There are more than 600 lymph nodes throughout the body. They are a part of the lymphatic system, a network of vessels responsible for carrying a clear liquid called lymph into the skin cells and throughout the organs. Lymph nodes contain millions of infection-fighting cells called lymphocytes. When the body contracts an infection or disease, the lymphocytes act as filters, trapping the infection, virus, or bacteria, and swell as a result. Swollen lymph nodes are called lymphadenopathy.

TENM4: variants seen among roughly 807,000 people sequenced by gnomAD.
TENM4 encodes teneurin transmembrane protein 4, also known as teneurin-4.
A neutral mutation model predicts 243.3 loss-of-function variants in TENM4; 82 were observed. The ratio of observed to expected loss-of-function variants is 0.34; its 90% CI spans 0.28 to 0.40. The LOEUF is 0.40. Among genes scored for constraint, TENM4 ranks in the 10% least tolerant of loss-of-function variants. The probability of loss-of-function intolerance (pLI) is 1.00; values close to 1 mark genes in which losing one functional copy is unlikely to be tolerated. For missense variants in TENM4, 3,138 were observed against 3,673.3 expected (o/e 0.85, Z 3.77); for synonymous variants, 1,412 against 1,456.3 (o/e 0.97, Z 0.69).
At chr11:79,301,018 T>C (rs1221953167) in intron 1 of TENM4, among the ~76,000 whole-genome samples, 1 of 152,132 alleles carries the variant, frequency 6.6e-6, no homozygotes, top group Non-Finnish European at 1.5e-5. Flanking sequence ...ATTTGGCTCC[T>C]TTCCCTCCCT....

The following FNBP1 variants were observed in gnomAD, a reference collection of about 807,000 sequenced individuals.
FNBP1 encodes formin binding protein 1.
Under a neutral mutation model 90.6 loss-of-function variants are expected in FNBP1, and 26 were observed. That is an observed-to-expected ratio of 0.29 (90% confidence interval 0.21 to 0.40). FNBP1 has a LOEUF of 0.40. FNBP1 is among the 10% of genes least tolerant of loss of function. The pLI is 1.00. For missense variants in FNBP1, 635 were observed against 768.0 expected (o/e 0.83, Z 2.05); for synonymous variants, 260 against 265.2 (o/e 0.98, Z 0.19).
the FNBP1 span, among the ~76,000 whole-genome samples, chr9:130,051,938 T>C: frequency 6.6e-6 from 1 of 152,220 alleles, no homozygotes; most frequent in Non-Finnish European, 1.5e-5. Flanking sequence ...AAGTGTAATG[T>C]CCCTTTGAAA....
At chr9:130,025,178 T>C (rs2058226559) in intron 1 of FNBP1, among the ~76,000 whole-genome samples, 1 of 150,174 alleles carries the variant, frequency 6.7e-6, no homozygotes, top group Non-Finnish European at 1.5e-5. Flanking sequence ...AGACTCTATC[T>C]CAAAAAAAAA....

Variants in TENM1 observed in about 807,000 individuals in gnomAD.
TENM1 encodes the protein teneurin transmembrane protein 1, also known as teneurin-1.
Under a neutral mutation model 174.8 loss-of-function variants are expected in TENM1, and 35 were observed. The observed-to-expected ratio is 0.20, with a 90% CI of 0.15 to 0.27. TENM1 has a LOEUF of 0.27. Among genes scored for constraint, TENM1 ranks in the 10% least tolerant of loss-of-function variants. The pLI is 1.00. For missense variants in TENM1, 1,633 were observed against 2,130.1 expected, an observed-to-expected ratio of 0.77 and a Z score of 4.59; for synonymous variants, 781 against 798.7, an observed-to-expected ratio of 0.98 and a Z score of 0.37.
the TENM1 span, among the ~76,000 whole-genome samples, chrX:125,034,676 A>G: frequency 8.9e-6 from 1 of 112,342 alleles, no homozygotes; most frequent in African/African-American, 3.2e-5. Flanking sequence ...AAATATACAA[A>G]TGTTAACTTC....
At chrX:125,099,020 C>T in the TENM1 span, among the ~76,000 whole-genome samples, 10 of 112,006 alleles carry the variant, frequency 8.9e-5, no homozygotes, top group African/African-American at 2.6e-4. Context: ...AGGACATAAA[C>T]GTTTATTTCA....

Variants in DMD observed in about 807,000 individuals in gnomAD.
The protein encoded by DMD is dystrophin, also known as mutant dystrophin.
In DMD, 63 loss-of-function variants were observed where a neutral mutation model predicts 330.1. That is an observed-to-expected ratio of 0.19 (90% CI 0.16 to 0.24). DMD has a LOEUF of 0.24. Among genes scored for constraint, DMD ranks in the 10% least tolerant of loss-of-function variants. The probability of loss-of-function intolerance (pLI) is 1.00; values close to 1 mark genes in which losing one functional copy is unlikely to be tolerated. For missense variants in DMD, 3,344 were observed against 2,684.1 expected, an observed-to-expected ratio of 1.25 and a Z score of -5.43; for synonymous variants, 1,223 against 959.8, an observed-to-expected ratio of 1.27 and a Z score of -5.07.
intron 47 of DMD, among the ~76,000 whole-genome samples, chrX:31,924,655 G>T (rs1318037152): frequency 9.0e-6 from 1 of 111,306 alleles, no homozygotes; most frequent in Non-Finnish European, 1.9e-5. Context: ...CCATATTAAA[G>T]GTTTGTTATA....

Swollen lymph nodes are not a disease, but a symptom of an illness or an infection. Fungal infections, bacterial infections, or viral infections can cause the lymph nodes to swell, announcing the presence of a condition such as an upper respiratory infection, tonsillitis, or conjunctivitis. Which lymph nodes swell indicates the location of the infection; for instance, if there is a swollen lymph node in the jaw area, the infection likely affects the mouth or the teeth. In most cases, lymphadenopathy is not serious.
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